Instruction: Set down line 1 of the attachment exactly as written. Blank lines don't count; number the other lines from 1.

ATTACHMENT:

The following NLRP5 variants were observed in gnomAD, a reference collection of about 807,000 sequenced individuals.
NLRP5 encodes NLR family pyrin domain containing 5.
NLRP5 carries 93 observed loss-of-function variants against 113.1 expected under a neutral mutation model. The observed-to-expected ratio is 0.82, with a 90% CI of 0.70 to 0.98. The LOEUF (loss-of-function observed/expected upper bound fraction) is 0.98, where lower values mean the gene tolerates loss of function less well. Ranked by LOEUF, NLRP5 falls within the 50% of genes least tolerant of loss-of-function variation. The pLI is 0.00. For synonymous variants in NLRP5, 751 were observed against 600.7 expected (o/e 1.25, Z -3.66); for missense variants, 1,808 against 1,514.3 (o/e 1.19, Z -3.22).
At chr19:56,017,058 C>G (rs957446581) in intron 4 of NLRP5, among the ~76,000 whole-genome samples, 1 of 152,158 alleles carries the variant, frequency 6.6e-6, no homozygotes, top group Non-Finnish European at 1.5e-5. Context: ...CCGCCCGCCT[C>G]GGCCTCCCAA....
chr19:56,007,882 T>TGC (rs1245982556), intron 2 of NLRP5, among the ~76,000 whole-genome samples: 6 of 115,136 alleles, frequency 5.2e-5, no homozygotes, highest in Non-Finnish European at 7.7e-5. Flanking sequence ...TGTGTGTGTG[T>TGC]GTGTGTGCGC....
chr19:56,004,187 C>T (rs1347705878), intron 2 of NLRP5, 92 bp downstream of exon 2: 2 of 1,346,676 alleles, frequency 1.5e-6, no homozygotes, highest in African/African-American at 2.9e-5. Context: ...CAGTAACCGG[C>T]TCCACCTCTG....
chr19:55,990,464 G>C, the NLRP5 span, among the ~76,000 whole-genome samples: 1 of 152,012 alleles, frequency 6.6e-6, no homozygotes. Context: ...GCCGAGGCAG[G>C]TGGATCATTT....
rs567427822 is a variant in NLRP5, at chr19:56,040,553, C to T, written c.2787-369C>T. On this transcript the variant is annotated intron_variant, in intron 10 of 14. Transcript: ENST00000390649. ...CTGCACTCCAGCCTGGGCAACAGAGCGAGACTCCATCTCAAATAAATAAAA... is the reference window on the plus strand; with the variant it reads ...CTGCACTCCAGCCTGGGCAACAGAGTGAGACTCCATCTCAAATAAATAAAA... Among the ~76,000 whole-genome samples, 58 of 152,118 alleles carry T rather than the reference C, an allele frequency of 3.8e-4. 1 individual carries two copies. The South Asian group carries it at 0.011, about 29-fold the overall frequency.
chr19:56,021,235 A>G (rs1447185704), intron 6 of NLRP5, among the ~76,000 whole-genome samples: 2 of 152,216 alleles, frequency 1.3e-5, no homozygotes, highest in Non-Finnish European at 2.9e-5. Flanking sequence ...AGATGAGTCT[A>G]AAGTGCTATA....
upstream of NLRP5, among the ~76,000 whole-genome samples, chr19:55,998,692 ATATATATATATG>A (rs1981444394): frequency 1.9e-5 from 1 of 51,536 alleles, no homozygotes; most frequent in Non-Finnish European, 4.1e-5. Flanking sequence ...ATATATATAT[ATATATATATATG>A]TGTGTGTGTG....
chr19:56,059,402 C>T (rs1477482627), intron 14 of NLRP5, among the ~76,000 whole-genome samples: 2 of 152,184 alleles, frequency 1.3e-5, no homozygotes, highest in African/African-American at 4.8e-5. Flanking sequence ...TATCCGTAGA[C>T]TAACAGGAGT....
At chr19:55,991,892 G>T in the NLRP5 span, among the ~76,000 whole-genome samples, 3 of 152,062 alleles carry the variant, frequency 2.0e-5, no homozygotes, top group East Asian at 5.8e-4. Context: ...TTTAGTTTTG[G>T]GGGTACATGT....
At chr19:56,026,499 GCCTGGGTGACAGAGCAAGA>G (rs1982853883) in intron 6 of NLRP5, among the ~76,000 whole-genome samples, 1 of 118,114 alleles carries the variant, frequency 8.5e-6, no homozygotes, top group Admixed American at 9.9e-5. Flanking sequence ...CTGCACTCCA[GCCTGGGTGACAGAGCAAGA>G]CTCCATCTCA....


The following NLRP5 variants were observed in gnomAD, a reference collection of about 807,000 sequenced individuals.